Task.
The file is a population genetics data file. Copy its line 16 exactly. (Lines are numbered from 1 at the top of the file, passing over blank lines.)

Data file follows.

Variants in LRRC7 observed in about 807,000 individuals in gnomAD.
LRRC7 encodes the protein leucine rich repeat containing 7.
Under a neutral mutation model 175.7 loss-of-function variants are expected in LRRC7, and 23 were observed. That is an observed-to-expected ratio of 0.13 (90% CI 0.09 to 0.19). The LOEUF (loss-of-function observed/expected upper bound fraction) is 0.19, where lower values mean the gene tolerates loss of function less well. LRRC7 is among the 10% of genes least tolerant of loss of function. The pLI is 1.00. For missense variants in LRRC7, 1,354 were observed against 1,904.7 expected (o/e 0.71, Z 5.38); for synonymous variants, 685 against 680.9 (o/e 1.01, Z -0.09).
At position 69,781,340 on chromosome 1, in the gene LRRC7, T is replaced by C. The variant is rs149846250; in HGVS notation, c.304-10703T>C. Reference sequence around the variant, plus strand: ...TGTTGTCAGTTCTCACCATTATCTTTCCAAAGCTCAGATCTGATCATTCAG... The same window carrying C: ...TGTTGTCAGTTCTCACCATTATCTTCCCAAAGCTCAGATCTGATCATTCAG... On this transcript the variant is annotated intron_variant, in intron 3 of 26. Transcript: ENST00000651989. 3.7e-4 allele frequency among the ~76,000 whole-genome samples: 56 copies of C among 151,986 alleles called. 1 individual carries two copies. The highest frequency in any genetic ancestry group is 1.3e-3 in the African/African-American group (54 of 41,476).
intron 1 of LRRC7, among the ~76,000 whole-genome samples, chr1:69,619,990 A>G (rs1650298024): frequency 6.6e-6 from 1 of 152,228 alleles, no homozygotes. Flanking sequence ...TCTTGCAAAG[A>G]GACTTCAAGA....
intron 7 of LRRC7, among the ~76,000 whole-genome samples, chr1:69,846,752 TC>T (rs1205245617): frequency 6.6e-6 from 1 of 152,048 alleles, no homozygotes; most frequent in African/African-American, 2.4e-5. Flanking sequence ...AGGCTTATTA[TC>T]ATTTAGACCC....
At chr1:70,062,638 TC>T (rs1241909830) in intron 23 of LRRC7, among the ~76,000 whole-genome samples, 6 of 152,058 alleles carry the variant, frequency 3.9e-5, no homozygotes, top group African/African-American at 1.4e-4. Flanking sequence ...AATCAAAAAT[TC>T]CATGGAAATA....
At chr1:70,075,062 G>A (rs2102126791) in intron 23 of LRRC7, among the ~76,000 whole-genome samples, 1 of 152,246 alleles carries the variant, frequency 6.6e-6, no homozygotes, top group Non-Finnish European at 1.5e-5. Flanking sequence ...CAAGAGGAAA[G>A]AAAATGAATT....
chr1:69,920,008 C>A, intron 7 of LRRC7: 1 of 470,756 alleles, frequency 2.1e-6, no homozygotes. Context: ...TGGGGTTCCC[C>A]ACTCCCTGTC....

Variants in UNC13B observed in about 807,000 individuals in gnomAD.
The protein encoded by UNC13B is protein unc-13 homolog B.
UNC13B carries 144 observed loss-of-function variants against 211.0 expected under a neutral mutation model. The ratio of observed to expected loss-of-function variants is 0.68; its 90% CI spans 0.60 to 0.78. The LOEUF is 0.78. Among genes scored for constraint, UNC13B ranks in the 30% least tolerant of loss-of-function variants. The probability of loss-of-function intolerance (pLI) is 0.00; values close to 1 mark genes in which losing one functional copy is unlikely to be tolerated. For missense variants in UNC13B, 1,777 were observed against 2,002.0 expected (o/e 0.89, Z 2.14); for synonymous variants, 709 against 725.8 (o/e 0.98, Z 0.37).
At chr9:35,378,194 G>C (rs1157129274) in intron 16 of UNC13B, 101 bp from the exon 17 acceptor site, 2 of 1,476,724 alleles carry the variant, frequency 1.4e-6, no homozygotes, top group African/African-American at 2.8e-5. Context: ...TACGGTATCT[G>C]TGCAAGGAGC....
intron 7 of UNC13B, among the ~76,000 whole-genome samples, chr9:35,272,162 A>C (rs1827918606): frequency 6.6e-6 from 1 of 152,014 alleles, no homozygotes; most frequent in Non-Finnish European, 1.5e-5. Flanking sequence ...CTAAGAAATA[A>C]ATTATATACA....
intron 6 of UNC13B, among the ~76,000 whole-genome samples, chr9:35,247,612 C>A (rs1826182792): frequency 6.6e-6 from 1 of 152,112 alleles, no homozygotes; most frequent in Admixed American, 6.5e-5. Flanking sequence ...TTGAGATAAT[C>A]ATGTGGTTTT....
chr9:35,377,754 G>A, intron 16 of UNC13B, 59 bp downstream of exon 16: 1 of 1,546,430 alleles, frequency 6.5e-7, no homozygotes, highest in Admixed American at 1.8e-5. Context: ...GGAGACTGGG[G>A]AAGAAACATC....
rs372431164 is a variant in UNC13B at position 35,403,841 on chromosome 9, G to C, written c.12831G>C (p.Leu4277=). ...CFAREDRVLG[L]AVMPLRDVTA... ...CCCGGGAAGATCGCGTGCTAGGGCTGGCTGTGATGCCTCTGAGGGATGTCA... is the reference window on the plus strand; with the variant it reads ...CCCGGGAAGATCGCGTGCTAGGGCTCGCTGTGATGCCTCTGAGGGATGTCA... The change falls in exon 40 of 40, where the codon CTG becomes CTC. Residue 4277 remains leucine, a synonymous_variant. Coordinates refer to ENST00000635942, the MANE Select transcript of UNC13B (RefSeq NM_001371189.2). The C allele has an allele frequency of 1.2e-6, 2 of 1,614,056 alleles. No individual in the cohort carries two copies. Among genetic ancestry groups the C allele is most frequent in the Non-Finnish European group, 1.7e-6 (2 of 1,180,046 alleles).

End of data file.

chr9:35,377,754 G>A, intron 16 of UNC13B, 59 bp downstream of exon 16: 1 of 1,546,430 alleles, frequency 6.5e-7, no homozygotes, highest in Admixed American at 1.8e-5. Context: ...GGAGACTGGG[G>A]AAGAAACATC....